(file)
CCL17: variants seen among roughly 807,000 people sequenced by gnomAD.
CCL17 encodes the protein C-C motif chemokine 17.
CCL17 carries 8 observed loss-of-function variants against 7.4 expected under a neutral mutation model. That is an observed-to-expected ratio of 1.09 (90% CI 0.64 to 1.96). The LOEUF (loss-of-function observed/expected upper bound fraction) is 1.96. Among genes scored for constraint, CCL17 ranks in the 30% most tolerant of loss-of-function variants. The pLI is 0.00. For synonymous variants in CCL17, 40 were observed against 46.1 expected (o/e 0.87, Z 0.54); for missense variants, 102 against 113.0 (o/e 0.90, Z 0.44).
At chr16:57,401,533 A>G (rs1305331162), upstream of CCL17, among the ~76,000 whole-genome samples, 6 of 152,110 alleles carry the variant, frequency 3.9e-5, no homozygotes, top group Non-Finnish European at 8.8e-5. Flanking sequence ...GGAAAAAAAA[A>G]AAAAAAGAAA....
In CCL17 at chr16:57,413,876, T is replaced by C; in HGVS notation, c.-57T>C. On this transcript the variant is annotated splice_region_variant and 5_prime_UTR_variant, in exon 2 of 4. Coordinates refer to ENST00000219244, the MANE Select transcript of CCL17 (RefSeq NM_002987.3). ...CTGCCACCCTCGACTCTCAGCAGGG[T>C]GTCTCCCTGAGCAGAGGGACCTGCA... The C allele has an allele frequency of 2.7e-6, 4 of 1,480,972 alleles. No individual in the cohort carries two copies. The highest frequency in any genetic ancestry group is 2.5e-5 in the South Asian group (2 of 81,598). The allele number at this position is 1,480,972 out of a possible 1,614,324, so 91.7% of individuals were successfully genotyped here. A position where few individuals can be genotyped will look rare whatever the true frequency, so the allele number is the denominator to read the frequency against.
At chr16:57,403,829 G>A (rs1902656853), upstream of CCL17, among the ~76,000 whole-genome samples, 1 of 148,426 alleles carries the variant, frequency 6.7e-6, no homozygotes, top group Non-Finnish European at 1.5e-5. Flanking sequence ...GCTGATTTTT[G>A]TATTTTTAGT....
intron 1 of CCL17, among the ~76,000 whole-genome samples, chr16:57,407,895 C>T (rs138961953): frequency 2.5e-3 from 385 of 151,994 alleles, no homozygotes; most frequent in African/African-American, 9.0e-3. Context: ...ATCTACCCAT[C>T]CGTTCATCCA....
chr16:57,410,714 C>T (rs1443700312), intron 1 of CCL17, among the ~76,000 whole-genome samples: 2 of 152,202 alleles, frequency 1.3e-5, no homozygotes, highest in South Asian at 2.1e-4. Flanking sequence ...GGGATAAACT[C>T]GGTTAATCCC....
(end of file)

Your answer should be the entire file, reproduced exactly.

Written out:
CCL17: variants seen among roughly 807,000 people sequenced by gnomAD.
CCL17 encodes the protein C-C motif chemokine 17.
CCL17 carries 8 observed loss-of-function variants against 7.4 expected under a neutral mutation model. That is an observed-to-expected ratio of 1.09 (90% CI 0.64 to 1.96). The LOEUF (loss-of-function observed/expected upper bound fraction) is 1.96. Among genes scored for constraint, CCL17 ranks in the 30% most tolerant of loss-of-function variants. The pLI is 0.00. For synonymous variants in CCL17, 40 were observed against 46.1 expected (o/e 0.87, Z 0.54); for missense variants, 102 against 113.0 (o/e 0.90, Z 0.44).
At chr16:57,401,533 A>G (rs1305331162), upstream of CCL17, among the ~76,000 whole-genome samples, 6 of 152,110 alleles carry the variant, frequency 3.9e-5, no homozygotes, top group Non-Finnish European at 8.8e-5. Flanking sequence ...GGAAAAAAAA[A>G]AAAAAAGAAA....
In CCL17 at chr16:57,413,876, T is replaced by C; in HGVS notation, c.-57T>C. On this transcript the variant is annotated splice_region_variant and 5_prime_UTR_variant, in exon 2 of 4. Coordinates refer to ENST00000219244, the MANE Select transcript of CCL17 (RefSeq NM_002987.3). ...CTGCCACCCTCGACTCTCAGCAGGG[T>C]GTCTCCCTGAGCAGAGGGACCTGCA... The C allele has an allele frequency of 2.7e-6, 4 of 1,480,972 alleles. No individual in the cohort carries two copies. The highest frequency in any genetic ancestry group is 2.5e-5 in the South Asian group (2 of 81,598). The allele number at this position is 1,480,972 out of a possible 1,614,324, so 91.7% of individuals were successfully genotyped here. A position where few individuals can be genotyped will look rare whatever the true frequency, so the allele number is the denominator to read the frequency against.
At chr16:57,403,829 G>A (rs1902656853), upstream of CCL17, among the ~76,000 whole-genome samples, 1 of 148,426 alleles carries the variant, frequency 6.7e-6, no homozygotes, top group Non-Finnish European at 1.5e-5. Flanking sequence ...GCTGATTTTT[G>A]TATTTTTAGT....
intron 1 of CCL17, among the ~76,000 whole-genome samples, chr16:57,407,895 C>T (rs138961953): frequency 2.5e-3 from 385 of 151,994 alleles, no homozygotes; most frequent in African/African-American, 9.0e-3. Context: ...ATCTACCCAT[C>T]CGTTCATCCA....
chr16:57,410,714 C>T (rs1443700312), intron 1 of CCL17, among the ~76,000 whole-genome samples: 2 of 152,202 alleles, frequency 1.3e-5, no homozygotes, highest in South Asian at 2.1e-4. Flanking sequence ...GGGATAAACT[C>T]GGTTAATCCC....